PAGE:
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Tuesday, July 31, 2007

Why less Arabs support suicide bombings

Neo-neocon (it's worth checking out the link just to see her picture with the green apple in her mouth!) follows up on a Real Clear Politics article by Michael Barone in which he reviews a series of recent Pew Polls.
One small and somewhat tangential detail of Barone’s column caught my eye, and that was this:
…the Pew Global survey showed sharply reduced numbers of Muslims saying that suicide bombings are often or sometimes justified as compared with 2002. That’s still the view of 70 percent in the Palestinian territories. But that percentage has declined from 74 percent to 34 percent in Lebanon, from 43 percent to 23 percent in Jordan, and from 33 percent to 9 percent in Pakistan.

That’s quite a trend. What does it represent?

She comes up with an answer which is almost a bullseye:

My theory is quite simple: the targets of suicide bombings have changed since 2002. Back then, during the height of the Second Intifada, suicide bombings were mainly directed against Israel. Now their victims are mostly Arabs.

I’m unable to find a website detailing the exact figures comparing the demography of suicide bombing targets, then and now. And, of course, it depends on how one defends “suicide bombings.”

In a certain sense, 9/11 was a suicide bombing (or at least a suicide attack), but it’s not usually conceptualized that way. The term, and the public perception of it, is usually limited to the sort of modus operandi that was popularized by the Palestinians vis a vis the Israelis: explosives in a backpack or strapped to the body, or an explosion-laden car with driver still in it, detonated in a crowd of innocent people in a public or semi-public place, destroying both the victims and the perpetrator in one horrific moment of carnage designed to strike fear and trembling into the heart and mind.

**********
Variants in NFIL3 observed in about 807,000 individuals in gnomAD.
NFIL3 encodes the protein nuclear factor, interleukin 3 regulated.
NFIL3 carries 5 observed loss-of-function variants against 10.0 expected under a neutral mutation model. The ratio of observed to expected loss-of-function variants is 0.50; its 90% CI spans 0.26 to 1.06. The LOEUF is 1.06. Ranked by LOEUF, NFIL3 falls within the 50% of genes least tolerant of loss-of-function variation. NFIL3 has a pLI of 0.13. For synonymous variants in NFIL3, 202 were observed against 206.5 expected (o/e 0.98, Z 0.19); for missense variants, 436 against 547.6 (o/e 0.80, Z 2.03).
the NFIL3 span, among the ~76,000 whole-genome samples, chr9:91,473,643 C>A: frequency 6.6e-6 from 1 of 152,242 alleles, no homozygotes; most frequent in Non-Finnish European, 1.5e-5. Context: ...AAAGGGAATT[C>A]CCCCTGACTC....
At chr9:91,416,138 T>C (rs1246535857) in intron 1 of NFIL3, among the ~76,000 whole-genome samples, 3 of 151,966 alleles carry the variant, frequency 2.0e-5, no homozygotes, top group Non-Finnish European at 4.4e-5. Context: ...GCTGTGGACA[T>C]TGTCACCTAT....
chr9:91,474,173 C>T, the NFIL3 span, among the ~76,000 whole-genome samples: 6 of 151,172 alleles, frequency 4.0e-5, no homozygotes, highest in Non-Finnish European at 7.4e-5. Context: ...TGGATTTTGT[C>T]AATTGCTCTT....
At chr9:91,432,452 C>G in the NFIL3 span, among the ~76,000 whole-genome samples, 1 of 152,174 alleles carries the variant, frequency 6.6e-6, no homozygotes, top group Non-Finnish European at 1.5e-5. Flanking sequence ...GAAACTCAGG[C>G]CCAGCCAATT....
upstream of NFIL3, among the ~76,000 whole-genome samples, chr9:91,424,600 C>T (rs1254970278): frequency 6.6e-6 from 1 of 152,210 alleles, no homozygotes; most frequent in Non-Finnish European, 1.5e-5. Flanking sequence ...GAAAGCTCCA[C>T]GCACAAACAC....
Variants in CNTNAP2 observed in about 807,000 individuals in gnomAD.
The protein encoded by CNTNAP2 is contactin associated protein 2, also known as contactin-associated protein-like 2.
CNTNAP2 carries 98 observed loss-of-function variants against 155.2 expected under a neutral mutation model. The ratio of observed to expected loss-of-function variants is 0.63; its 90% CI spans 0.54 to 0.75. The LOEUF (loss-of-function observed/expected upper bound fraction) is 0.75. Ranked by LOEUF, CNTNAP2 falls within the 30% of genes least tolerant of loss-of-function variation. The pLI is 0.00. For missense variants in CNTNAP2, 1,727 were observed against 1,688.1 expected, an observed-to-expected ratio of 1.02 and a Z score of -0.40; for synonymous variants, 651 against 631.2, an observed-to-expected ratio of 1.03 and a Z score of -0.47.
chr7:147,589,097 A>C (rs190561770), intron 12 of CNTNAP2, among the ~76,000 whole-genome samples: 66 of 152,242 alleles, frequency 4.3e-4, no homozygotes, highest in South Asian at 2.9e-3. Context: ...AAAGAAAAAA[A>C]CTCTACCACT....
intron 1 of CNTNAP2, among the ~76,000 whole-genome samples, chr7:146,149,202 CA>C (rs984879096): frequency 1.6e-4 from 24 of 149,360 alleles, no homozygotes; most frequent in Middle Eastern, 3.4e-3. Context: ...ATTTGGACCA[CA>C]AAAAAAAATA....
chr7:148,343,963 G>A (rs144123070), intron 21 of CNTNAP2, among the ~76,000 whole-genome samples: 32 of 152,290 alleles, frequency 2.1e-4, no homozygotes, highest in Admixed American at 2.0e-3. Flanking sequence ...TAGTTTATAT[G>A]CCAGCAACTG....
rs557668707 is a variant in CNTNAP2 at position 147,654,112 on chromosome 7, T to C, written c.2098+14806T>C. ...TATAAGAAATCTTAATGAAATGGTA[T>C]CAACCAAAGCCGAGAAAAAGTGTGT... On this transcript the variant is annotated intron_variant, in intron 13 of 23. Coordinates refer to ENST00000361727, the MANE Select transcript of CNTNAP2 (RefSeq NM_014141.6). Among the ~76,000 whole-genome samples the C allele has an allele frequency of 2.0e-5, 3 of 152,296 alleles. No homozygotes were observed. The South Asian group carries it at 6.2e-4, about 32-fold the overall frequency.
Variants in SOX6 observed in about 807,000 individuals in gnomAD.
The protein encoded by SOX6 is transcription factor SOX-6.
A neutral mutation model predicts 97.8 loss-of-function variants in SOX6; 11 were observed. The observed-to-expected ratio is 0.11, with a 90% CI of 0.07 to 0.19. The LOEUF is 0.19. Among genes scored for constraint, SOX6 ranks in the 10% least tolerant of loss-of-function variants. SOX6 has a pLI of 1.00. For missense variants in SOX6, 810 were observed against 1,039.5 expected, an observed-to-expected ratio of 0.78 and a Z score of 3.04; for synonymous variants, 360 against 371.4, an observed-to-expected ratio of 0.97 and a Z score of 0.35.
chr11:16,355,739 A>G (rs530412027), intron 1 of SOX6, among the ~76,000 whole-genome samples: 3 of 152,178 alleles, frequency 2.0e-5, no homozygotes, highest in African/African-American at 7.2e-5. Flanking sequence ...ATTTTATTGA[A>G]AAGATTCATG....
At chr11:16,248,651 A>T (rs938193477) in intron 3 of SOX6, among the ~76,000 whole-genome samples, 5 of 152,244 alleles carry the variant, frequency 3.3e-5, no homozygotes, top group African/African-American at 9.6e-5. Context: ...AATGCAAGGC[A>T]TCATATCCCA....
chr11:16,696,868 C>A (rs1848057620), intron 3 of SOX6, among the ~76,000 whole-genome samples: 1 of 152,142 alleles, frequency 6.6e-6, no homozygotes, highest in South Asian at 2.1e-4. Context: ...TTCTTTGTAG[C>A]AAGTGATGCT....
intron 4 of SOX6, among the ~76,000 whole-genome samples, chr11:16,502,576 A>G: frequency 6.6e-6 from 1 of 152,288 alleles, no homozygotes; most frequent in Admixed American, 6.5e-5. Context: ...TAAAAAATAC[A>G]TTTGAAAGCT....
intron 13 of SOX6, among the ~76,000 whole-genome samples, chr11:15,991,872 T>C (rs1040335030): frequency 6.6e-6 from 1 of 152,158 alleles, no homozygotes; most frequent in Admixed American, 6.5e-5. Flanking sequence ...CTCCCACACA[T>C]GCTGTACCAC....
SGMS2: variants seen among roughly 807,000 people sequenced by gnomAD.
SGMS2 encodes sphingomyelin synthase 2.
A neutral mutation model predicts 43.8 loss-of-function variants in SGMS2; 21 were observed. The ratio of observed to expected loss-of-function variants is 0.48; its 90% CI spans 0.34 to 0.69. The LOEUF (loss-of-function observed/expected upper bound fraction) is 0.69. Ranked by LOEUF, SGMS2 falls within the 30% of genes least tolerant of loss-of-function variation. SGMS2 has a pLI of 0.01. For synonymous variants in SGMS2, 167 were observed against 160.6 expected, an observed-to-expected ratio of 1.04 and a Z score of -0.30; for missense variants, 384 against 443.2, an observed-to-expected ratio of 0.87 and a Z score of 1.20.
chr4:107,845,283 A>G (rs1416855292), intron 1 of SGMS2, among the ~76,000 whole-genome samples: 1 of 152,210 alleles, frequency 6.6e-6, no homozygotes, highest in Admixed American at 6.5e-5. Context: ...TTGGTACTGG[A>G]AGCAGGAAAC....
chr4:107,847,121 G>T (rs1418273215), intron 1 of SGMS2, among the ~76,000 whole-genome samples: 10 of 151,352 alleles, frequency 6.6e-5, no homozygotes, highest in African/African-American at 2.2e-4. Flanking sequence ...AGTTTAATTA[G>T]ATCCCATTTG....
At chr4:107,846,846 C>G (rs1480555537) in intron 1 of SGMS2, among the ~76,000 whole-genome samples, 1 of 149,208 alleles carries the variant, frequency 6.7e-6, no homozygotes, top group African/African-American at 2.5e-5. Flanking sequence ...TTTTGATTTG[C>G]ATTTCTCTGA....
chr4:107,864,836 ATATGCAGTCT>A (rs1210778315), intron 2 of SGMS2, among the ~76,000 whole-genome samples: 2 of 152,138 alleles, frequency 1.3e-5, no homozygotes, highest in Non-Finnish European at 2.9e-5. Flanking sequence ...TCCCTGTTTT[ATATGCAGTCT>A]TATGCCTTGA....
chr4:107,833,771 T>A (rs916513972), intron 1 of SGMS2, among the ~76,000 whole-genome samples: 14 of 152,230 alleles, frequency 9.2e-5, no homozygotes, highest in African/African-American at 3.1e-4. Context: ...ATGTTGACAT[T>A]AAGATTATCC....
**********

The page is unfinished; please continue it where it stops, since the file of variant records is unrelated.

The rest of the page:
Back in 2002 we were treated to statements by public figures such as Egyptian psychiatrist Dr. ‘Adel Sadeq, chairman of the Arab Psychiatrists Association and head of the Department of Psychiatry at ‘Ein Shams University in Cairo, who glorified the “ecstasy” of suicide bombers and praised them as a tool of the defeat of Israel (watch the video here to view Sadeq’s peculiar affect, and see my previous post about him here, containing a fuller transcript of his words).

That was then; this is now. Israel’s security fence is in place and has had its intended effect: a tremendous drop in the number of suicide bombings in Israel in the last few years.

Well, sort of. The 'security fence' is not completely in place yet and while it has helped reduce suicide bombings I believe that what has really kept the suicide bombers from entering Israel's large cities has been the concerted IDF action that takes place nightly in Judea and Samaria - action that the Olmert-Barak-Livni government is considering suspending - or may in fact have suspended - as a 'gesture' to 'moderate' 'Palestinian' President Mahmoud Abbas Abu Mazen.

It also only partly explains why 70% of 'Palestinians' (a number that ought to give Israeli politicians some pause in making 'concessions' but probably won't) still favor suicide bombings. On the one hand, much fewer 'Palestinians' are dying in suicide bombings than Iraqis, and that might be keeping the approval percentage high. On the other hand, much fewer Israelis are being killed in suicide bombings (bli ayin hara - warding off evil eyes) which makes you wonder why the 'Palestinians' haven't tired of trying yet. Maybe the 70% number can be explained as 'wishful thinking'?


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